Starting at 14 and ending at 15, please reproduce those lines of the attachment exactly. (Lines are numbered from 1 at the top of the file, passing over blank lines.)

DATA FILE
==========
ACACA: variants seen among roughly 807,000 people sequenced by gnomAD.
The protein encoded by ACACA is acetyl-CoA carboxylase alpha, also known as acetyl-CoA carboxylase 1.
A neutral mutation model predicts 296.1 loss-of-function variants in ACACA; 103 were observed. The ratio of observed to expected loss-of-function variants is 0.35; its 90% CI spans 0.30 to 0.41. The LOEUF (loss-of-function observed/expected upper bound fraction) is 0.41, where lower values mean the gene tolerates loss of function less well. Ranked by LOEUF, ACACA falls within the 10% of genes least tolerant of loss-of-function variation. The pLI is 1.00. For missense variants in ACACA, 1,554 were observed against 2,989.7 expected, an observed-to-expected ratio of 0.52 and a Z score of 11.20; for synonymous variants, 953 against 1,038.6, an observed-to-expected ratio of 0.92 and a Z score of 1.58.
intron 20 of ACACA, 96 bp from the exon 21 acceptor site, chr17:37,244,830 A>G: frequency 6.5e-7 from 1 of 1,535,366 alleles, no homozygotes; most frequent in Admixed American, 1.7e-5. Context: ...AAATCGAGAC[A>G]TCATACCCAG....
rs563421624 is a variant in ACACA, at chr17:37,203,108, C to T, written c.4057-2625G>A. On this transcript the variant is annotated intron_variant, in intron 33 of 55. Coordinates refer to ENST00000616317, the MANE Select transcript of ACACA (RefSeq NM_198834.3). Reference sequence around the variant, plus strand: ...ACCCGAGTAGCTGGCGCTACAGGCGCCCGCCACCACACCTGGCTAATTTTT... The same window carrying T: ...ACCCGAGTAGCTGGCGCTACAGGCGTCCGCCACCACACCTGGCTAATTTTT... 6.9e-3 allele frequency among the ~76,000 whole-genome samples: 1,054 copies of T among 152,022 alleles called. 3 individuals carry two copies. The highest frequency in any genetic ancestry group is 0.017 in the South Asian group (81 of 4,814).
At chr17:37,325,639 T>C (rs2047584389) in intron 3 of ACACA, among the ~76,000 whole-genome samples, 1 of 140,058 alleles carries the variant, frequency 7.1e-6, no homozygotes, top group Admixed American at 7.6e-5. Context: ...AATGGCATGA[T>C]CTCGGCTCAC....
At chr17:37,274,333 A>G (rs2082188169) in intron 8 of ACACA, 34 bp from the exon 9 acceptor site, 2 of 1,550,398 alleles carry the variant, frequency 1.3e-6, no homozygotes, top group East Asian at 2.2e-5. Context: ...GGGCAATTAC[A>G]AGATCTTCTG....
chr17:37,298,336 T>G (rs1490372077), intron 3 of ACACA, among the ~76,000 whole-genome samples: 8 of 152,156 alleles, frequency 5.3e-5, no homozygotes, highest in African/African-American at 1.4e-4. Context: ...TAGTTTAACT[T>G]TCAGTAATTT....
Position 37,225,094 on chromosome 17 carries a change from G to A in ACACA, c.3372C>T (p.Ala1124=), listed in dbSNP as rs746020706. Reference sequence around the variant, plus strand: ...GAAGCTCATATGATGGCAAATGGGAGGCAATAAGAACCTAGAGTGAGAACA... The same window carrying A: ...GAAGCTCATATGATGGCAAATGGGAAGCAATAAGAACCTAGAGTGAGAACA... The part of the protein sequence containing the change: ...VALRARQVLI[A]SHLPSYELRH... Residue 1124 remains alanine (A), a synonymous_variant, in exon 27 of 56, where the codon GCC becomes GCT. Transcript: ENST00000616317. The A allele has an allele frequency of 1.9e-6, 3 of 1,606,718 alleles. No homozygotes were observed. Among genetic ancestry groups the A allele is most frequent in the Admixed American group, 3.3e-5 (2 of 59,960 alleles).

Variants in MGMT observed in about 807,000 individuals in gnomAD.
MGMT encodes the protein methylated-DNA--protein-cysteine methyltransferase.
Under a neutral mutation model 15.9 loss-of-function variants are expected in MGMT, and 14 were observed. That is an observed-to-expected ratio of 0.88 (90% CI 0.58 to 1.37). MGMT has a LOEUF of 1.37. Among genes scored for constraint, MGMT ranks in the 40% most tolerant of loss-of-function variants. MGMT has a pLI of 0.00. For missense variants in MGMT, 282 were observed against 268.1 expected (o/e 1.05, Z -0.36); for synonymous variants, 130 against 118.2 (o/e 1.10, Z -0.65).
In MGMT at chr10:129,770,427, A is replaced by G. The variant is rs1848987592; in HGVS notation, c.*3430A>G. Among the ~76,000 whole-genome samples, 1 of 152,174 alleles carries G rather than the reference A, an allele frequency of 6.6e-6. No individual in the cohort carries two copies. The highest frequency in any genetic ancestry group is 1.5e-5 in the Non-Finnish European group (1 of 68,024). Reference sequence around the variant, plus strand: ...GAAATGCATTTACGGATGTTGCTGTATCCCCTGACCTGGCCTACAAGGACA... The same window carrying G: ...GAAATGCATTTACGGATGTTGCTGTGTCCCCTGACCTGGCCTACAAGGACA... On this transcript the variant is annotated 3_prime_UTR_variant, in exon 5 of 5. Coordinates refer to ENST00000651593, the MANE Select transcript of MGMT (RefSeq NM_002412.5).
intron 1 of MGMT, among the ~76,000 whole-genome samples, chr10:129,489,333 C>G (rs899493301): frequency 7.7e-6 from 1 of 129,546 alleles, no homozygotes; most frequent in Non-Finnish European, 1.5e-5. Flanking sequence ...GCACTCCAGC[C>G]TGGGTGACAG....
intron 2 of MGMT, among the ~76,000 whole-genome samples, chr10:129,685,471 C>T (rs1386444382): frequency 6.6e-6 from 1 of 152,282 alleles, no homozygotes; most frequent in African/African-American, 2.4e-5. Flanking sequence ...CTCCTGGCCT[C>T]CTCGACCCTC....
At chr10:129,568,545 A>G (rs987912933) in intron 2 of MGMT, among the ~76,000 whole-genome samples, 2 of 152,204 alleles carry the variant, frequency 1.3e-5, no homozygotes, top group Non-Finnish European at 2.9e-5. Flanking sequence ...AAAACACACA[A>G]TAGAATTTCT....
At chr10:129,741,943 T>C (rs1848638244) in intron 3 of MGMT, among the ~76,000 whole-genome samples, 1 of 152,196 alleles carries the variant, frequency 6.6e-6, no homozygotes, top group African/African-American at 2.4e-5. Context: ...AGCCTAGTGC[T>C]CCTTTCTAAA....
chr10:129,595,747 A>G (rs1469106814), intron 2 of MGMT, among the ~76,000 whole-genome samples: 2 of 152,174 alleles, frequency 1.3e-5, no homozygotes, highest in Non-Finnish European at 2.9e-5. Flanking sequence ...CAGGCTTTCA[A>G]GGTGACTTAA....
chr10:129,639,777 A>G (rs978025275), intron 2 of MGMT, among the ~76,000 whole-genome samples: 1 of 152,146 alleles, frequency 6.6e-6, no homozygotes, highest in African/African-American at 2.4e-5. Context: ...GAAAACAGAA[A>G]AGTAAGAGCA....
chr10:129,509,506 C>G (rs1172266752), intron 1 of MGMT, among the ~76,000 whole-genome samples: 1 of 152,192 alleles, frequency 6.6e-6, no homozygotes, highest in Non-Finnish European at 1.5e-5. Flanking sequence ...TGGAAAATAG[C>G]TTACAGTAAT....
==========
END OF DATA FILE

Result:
intron 1 of MGMT, among the ~76,000 whole-genome samples, chr10:129,489,333 C>G (rs899493301): frequency 7.7e-6 from 1 of 129,546 alleles, no homozygotes; most frequent in Non-Finnish European, 1.5e-5. Flanking sequence ...GCACTCCAGC[C>G]TGGGTGACAG....
intron 2 of MGMT, among the ~76,000 whole-genome samples, chr10:129,685,471 C>T (rs1386444382): frequency 6.6e-6 from 1 of 152,282 alleles, no homozygotes; most frequent in African/African-American, 2.4e-5. Flanking sequence ...CTCCTGGCCT[C>T]CTCGACCCTC....